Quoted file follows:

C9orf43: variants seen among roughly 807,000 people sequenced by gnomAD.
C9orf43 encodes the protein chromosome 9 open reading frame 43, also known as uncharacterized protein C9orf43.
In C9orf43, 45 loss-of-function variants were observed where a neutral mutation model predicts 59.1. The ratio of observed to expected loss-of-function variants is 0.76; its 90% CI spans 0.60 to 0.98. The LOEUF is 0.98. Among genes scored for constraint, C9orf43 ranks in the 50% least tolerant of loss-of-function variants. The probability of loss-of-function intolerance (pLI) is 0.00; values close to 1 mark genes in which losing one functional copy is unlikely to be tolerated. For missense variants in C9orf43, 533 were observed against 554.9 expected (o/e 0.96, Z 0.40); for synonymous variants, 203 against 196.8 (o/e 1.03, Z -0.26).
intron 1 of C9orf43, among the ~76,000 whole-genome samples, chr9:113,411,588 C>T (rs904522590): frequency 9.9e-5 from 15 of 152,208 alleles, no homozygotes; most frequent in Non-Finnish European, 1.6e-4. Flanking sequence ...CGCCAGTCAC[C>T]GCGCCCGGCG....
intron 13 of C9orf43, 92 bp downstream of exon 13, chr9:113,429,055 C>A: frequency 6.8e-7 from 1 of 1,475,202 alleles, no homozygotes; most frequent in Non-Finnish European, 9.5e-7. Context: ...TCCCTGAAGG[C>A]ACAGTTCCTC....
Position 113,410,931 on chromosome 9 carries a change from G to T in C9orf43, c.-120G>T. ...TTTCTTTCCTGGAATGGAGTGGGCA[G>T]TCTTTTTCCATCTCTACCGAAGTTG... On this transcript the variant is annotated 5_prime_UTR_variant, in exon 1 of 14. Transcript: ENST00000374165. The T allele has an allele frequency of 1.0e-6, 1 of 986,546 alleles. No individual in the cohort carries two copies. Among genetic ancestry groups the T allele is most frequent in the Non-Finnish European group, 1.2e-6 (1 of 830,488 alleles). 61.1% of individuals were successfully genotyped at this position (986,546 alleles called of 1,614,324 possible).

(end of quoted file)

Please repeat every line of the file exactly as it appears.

C9orf43: variants seen among roughly 807,000 people sequenced by gnomAD.
C9orf43 encodes the protein chromosome 9 open reading frame 43, also known as uncharacterized protein C9orf43.
In C9orf43, 45 loss-of-function variants were observed where a neutral mutation model predicts 59.1. The ratio of observed to expected loss-of-function variants is 0.76; its 90% CI spans 0.60 to 0.98. The LOEUF is 0.98. Among genes scored for constraint, C9orf43 ranks in the 50% least tolerant of loss-of-function variants. The probability of loss-of-function intolerance (pLI) is 0.00; values close to 1 mark genes in which losing one functional copy is unlikely to be tolerated. For missense variants in C9orf43, 533 were observed against 554.9 expected (o/e 0.96, Z 0.40); for synonymous variants, 203 against 196.8 (o/e 1.03, Z -0.26).
intron 1 of C9orf43, among the ~76,000 whole-genome samples, chr9:113,411,588 C>T (rs904522590): frequency 9.9e-5 from 15 of 152,208 alleles, no homozygotes; most frequent in Non-Finnish European, 1.6e-4. Flanking sequence ...CGCCAGTCAC[C>T]GCGCCCGGCG....
intron 13 of C9orf43, 92 bp downstream of exon 13, chr9:113,429,055 C>A: frequency 6.8e-7 from 1 of 1,475,202 alleles, no homozygotes; most frequent in Non-Finnish European, 9.5e-7. Context: ...TCCCTGAAGG[C>A]ACAGTTCCTC....
Position 113,410,931 on chromosome 9 carries a change from G to T in C9orf43, c.-120G>T. ...TTTCTTTCCTGGAATGGAGTGGGCA[G>T]TCTTTTTCCATCTCTACCGAAGTTG... On this transcript the variant is annotated 5_prime_UTR_variant, in exon 1 of 14. Transcript: ENST00000374165. The T allele has an allele frequency of 1.0e-6, 1 of 986,546 alleles. No individual in the cohort carries two copies. Among genetic ancestry groups the T allele is most frequent in the Non-Finnish European group, 1.2e-6 (1 of 830,488 alleles). 61.1% of individuals were successfully genotyped at this position (986,546 alleles called of 1,614,324 possible).